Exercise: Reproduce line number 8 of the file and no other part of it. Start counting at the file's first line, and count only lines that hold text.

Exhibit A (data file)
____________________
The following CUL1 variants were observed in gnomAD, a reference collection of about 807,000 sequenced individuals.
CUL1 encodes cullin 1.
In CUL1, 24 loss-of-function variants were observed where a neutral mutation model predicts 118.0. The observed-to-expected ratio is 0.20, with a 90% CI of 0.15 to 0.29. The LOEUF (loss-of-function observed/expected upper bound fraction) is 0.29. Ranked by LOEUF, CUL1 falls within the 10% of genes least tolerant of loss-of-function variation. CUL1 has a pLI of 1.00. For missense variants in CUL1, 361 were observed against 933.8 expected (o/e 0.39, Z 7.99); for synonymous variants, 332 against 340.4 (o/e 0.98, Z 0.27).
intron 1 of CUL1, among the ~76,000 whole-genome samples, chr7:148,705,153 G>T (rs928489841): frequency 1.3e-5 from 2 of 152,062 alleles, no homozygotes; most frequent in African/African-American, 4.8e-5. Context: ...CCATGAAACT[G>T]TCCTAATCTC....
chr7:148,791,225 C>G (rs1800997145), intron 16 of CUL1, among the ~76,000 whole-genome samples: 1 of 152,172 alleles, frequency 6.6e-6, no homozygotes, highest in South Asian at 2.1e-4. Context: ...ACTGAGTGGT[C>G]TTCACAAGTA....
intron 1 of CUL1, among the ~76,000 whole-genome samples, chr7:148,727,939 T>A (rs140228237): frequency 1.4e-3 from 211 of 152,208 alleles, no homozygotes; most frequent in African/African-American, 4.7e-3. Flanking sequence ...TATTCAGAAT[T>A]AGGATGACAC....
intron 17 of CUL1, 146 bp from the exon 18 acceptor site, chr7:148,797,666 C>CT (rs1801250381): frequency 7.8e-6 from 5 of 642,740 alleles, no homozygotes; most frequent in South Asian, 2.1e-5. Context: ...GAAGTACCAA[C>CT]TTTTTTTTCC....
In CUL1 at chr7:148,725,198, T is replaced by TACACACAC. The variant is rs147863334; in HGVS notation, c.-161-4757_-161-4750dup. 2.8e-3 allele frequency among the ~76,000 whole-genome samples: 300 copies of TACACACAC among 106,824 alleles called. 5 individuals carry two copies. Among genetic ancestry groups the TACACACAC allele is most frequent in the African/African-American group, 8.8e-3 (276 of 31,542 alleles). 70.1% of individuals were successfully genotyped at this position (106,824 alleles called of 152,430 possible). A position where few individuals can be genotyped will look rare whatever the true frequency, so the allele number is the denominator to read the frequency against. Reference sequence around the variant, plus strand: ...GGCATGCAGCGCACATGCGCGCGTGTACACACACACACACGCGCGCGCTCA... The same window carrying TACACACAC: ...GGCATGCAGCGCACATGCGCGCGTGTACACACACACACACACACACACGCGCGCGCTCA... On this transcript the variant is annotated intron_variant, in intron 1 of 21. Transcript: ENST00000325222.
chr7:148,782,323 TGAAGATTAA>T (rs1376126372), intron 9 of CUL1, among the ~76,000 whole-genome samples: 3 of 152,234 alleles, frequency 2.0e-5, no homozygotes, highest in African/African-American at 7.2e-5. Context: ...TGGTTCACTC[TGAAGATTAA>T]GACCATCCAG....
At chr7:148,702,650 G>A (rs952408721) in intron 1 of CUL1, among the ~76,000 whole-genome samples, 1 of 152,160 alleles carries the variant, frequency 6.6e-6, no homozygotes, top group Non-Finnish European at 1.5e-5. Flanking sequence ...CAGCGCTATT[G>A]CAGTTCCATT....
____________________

In CUL1 at chr7:148,725,198, T is replaced by TACACACAC. The variant is rs147863334; in HGVS notation, c.-161-4757_-161-4750dup. 2.8e-3 allele frequency among the ~76,000 whole-genome samples: 300 copies of TACACACAC among 106,824 alleles called. 5 individuals carry two copies. Among genetic ancestry groups the TACACACAC allele is most frequent in the African/African-American group, 8.8e-3 (276 of 31,542 alleles). 70.1% of individuals were successfully genotyped at this position (106,824 alleles called of 152,430 possible). A position where few individuals can be genotyped will look rare whatever the true frequency, so the allele number is the denominator to read the frequency against. Reference sequence around the variant, plus strand: ...GGCATGCAGCGCACATGCGCGCGTGTACACACACACACACGCGCGCGCTCA... The same window carrying TACACACAC: ...GGCATGCAGCGCACATGCGCGCGTGTACACACACACACACACACACACGCGCGCGCTCA... On this transcript the variant is annotated intron_variant, in intron 1 of 21. Transcript: ENST00000325222.